Google AI Overviews: New Research Offers Insights

New research by BrightEdge offers a snapshot of the kinds of queries that tend to show Google AI Overviews (AIO) and provides insights into the kinds of queries and verticals where AIO are more prevalent.

The findings show dramatic differences in the amount of AI Overviews shown across different verticals in a way that reflects the kinds of queries that are common. This effect works in reverse as well, where some verticals experience less AIO search features.

Is This A Paradigm Shift?

While BrightEdge calls it the greatest paradigm shift in decades, I think that’s understating shifts to Google search in the recent past, not just the ones in 2024. Something that’s not widely understood is that Google Search has been an AI Search engine since at least 2015 with the introduction of RankBrain and other subsequent changes to the backend side of search.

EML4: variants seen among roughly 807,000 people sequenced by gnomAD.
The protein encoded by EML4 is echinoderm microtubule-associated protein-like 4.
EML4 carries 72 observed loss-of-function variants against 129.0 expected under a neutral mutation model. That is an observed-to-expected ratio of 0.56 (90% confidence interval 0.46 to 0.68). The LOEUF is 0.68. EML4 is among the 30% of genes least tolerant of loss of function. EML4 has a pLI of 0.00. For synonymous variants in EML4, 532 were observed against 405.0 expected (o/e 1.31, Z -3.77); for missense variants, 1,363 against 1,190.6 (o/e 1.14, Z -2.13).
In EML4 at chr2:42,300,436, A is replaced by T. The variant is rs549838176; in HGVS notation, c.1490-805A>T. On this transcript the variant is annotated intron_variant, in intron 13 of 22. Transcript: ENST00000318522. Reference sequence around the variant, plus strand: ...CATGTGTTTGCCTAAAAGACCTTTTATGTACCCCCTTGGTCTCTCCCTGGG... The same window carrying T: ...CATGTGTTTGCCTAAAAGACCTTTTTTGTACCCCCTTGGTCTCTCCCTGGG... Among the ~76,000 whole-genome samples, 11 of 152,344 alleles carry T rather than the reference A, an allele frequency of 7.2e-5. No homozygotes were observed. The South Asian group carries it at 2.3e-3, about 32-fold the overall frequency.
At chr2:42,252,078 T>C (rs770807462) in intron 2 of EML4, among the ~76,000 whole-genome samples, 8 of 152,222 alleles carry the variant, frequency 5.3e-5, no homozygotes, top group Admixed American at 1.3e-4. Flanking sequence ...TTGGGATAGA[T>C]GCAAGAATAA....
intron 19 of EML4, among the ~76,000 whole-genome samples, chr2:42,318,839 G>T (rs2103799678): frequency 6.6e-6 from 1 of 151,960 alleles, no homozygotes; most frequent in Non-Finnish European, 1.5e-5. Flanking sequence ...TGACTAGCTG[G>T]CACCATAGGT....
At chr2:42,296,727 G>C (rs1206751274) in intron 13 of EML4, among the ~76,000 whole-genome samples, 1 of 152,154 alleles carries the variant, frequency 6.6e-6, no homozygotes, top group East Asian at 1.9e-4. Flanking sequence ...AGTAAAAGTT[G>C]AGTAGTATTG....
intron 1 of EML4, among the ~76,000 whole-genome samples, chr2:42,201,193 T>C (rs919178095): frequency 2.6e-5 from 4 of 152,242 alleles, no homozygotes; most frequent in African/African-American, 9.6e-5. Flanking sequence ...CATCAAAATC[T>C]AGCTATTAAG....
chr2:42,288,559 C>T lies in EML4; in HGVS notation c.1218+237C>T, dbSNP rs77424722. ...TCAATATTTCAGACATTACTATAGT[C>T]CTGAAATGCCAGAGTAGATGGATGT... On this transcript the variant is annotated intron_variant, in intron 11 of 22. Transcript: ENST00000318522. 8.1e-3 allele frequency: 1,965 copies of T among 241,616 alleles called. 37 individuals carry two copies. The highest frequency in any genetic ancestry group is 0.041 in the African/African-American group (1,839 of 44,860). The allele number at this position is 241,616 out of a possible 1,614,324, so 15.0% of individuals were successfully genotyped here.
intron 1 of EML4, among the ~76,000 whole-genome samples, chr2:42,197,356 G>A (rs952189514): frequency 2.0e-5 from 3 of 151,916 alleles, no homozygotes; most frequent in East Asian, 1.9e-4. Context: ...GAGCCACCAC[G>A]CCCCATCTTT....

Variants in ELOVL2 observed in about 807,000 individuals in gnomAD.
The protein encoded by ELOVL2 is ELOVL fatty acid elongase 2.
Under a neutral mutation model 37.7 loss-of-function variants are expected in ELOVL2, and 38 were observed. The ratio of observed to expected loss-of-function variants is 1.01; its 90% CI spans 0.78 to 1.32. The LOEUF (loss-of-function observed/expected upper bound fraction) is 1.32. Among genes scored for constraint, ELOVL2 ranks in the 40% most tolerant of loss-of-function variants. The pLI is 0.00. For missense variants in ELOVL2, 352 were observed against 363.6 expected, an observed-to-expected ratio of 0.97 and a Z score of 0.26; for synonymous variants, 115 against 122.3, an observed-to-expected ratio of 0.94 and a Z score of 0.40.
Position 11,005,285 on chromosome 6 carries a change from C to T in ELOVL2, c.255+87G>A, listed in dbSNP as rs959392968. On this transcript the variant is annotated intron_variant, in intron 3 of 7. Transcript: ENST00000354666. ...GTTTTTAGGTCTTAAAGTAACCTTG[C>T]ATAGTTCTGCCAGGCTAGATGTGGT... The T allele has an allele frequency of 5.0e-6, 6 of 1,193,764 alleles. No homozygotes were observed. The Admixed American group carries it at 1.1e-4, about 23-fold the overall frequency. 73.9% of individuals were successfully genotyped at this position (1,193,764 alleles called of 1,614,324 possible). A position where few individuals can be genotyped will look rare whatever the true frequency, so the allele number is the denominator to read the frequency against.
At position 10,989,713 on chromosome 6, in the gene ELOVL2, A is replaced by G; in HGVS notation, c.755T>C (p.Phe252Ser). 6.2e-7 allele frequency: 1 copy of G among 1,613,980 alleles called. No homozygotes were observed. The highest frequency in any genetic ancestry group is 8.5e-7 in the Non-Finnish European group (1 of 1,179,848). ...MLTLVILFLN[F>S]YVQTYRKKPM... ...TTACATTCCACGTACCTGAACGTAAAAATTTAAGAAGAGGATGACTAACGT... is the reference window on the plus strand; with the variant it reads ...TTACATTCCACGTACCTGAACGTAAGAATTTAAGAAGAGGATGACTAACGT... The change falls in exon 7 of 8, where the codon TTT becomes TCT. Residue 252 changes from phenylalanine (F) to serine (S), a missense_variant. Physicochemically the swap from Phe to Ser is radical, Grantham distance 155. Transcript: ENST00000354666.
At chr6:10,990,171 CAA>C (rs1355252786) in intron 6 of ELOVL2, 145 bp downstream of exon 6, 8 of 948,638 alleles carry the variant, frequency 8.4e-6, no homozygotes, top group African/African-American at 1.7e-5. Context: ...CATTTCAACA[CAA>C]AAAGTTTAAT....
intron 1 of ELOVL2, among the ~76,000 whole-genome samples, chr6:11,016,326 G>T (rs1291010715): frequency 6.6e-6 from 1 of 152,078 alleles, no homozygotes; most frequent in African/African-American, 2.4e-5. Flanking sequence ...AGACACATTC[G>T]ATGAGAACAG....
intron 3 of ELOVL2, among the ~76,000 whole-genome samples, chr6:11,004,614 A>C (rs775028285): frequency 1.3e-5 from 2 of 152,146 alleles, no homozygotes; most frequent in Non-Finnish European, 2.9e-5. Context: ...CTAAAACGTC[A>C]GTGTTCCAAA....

The big change in Search this year is that AI is more obvious on the front-end as a Feature in Search, largely replacing the role that Featured Snippets once played. Perhaps more importantly there may have been an infrastructure change at the beginning of 2024.

BrightEdge Generative Parser

BrightEdge has a technology, called the Generative Parser, which tracks and analyzes patterns in Google’s AI search features. BrightEdge used their Generative Parser to produce research findings about Google’s new AI Overviews (AIO) search feature.

Albert Gouyet, VP of Operations at BrightEdge said this about the BrightEdge Generative Parser:

“It’s fascinating to see the BrightEdge Generative Parser™ giving marketers a front-row seat into how AI in search is developing and giving the community a glimpse into the future. For marketers who rely on organic traffic, early indications suggest that AI will help reach new customers and present new opportunities to create content that serves multiple needs and elevates brand performance.”

What Triggers AIO